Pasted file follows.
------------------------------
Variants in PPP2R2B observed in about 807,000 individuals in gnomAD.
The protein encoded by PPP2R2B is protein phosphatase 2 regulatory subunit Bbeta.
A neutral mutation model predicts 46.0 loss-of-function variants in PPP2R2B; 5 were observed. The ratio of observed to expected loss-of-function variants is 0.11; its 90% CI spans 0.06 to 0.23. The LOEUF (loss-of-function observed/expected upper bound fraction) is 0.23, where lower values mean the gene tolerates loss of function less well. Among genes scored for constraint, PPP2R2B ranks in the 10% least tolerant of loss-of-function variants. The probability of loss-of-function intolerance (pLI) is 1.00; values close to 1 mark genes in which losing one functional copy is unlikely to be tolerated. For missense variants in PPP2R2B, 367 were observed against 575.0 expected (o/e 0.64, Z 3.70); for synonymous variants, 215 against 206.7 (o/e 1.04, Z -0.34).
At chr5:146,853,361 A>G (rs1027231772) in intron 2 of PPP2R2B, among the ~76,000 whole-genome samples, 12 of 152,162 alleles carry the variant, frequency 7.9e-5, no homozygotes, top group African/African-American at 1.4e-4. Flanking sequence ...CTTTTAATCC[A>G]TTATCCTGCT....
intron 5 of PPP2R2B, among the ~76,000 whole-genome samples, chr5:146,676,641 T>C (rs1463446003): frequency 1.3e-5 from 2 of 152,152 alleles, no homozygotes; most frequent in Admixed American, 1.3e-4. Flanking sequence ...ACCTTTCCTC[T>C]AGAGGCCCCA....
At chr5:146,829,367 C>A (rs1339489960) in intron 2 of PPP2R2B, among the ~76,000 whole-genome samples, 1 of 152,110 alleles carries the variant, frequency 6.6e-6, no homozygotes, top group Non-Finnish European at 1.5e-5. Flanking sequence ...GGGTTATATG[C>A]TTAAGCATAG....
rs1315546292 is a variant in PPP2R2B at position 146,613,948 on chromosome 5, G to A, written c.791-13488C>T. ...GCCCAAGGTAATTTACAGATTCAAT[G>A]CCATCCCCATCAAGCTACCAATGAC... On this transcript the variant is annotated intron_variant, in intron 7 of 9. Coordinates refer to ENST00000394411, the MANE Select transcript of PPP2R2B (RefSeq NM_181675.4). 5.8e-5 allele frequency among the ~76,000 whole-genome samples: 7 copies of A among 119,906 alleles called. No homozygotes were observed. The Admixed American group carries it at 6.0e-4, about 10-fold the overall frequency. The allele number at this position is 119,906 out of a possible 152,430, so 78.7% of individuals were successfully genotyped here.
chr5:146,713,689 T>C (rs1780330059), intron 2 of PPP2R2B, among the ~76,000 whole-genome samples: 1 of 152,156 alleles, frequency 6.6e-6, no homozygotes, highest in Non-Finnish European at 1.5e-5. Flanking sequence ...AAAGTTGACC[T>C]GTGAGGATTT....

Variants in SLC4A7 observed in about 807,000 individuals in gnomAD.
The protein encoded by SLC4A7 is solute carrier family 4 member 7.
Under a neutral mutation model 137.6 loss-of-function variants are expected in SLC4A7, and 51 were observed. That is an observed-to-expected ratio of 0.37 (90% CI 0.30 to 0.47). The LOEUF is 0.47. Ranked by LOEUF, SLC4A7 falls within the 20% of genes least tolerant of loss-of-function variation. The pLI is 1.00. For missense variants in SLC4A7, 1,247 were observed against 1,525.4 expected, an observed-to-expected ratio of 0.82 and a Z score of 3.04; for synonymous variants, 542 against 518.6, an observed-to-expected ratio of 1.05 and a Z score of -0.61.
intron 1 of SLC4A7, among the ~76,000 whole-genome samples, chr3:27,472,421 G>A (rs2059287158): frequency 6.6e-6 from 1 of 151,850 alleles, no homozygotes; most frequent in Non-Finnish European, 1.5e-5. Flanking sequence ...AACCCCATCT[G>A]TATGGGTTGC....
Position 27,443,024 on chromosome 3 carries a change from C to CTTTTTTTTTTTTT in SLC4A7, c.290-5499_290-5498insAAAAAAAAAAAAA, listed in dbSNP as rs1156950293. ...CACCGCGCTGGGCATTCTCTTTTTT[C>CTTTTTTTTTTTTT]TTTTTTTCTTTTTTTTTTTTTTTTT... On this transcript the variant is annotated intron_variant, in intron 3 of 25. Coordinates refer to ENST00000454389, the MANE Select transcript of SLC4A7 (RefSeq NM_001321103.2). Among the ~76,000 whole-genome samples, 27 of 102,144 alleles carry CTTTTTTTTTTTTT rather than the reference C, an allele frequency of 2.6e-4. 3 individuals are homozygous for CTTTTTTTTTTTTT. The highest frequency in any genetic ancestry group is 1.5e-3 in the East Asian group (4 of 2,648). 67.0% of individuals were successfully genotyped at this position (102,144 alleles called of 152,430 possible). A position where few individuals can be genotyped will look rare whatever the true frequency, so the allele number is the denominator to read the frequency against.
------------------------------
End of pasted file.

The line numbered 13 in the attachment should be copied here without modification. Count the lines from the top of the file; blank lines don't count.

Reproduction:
Position 27,443,024 on chromosome 3 carries a change from C to CTTTTTTTTTTTTT in SLC4A7, c.290-5499_290-5498insAAAAAAAAAAAAA, listed in dbSNP as rs1156950293. ...CACCGCGCTGGGCATTCTCTTTTTT[C>CTTTTTTTTTTTTT]TTTTTTTCTTTTTTTTTTTTTTTTT... On this transcript the variant is annotated intron_variant, in intron 3 of 25. Coordinates refer to ENST00000454389, the MANE Select transcript of SLC4A7 (RefSeq NM_001321103.2). Among the ~76,000 whole-genome samples, 27 of 102,144 alleles carry CTTTTTTTTTTTTT rather than the reference C, an allele frequency of 2.6e-4. 3 individuals are homozygous for CTTTTTTTTTTTTT. The highest frequency in any genetic ancestry group is 1.5e-3 in the East Asian group (4 of 2,648). 67.0% of individuals were successfully genotyped at this position (102,144 alleles called of 152,430 possible). A position where few individuals can be genotyped will look rare whatever the true frequency, so the allele number is the denominator to read the frequency against.